GC Powerlist > GC Powerlist: Nordics Teams


For 29 years, The Legal 500 has been analysing the capabilities of law firms across the world. The GC Powerlist is the latest publication from The Legal 500, turning its attention to the in-house function, and recognising those corporate counsel who are driving the legal business forward. The latest edition is the GC Powerlist: Nordics Teams, which identifies an array of the most influential and innovative in-house teams working in the Nordic region....read more


(listed in alphabetical order; click on a team to view an expanded biography)

Our partners

Simon Evers Kalsmose-Hjemborg, Managing Partner at Bech-Bruun:

A big congratulations to all the legal teams selected for this year’s GC Powerlist Nordics Teams. Everyone on the list has in their own special way demonstrated an innovative approach to the legal function, which is decisive in a time where we experience a change in the role of the legal counsel.

At Bech-Bruun, we are pleased to be able for the second time to present the GC Powerlist Nordics Teams together with The Legal 500. We want to congratulate both the legal in-house teams which were nominated and the teams which made it onto the list.

Legal work is undergoing constant change. Not only in law firms, but also in companies’ legal departments. We hear this from our clients and we experience it ourselves to a very high degree in Bech-Bruun, where our clients, in addition to broad legal expertise, to a higher degree demand more in-depth insight into business strategies and financial understanding. This new focus builds new expectations for our skills as legal specialists. At the same time, it forces us in a positive way to turn our focus inwards and take a closer look at our current way of handling tasks and how, with new perspectives on our work, we can create the decisive value to match the needs of our clients.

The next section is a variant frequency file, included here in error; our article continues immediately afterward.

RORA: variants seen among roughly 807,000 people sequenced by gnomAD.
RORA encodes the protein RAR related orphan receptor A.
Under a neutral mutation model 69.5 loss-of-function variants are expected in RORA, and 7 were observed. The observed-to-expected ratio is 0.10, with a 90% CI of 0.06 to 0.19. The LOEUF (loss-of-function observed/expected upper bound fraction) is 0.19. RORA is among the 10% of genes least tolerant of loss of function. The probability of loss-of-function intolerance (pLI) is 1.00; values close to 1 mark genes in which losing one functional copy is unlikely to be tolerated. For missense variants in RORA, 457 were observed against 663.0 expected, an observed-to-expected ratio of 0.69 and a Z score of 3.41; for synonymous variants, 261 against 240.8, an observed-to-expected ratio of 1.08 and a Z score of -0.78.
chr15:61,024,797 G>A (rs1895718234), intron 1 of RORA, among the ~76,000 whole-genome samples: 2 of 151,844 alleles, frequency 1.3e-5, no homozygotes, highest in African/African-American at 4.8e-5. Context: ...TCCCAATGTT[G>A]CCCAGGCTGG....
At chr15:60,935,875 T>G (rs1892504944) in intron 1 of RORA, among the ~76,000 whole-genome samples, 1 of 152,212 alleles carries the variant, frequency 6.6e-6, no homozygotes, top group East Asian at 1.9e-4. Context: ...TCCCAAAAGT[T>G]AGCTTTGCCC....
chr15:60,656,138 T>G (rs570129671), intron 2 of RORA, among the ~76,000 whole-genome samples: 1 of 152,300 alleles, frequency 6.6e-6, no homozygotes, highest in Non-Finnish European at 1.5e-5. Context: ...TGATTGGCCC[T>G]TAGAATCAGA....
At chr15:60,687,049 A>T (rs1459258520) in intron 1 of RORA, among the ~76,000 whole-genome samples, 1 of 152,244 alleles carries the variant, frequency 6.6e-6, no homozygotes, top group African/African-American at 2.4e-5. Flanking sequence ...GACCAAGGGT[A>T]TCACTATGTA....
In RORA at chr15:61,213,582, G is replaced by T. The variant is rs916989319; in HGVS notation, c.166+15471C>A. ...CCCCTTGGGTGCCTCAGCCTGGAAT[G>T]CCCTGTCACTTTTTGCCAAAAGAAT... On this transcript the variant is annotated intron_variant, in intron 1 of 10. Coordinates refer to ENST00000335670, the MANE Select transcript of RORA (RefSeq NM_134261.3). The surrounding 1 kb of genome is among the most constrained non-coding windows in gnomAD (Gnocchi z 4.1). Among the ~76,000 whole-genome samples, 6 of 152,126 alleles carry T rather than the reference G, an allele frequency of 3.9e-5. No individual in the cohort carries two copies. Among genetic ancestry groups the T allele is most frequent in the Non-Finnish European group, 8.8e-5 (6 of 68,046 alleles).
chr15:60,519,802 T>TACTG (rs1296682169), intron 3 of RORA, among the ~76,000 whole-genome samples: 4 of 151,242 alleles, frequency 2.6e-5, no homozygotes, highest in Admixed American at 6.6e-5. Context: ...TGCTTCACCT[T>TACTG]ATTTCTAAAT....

If we turn our attention towards Danish businesses, we can also see considerable change. Not only do many in-house lawyers experience increasing demand for new skills such as business understanding and strategic insight1, we also see considerable changes in the capacities of legal departments. In the past ten years, the number of in-house lawyers has increased dramatically2 . In 2004, 400 lawyers were employed in Danish organisations. In 2015, this figure had increased to almost 1,500 lawyers. And there are many indications that the development is continuing – and justifiably so. A well-run internal legal department creates huge value for the business.

But when the legal department is undergoing changes, innovation will be the key factor in being able to continue to add value to the overall business. It may, however, in many cases be difficult to ensure the proper innovative thinking and to know how precisely this is to be ensured. Especially when this development makes demands for entirely new skills outside the traditional field of expertise. This may make it necessary to carefully consider whether and how the legal department may through innovation and development be able to strengthen the department’s contribution to the company. How does the legal department maintain its active role in the value creation? How does one ensure that the legal department has the right composition and is properly prepared to work with new fields of expertise?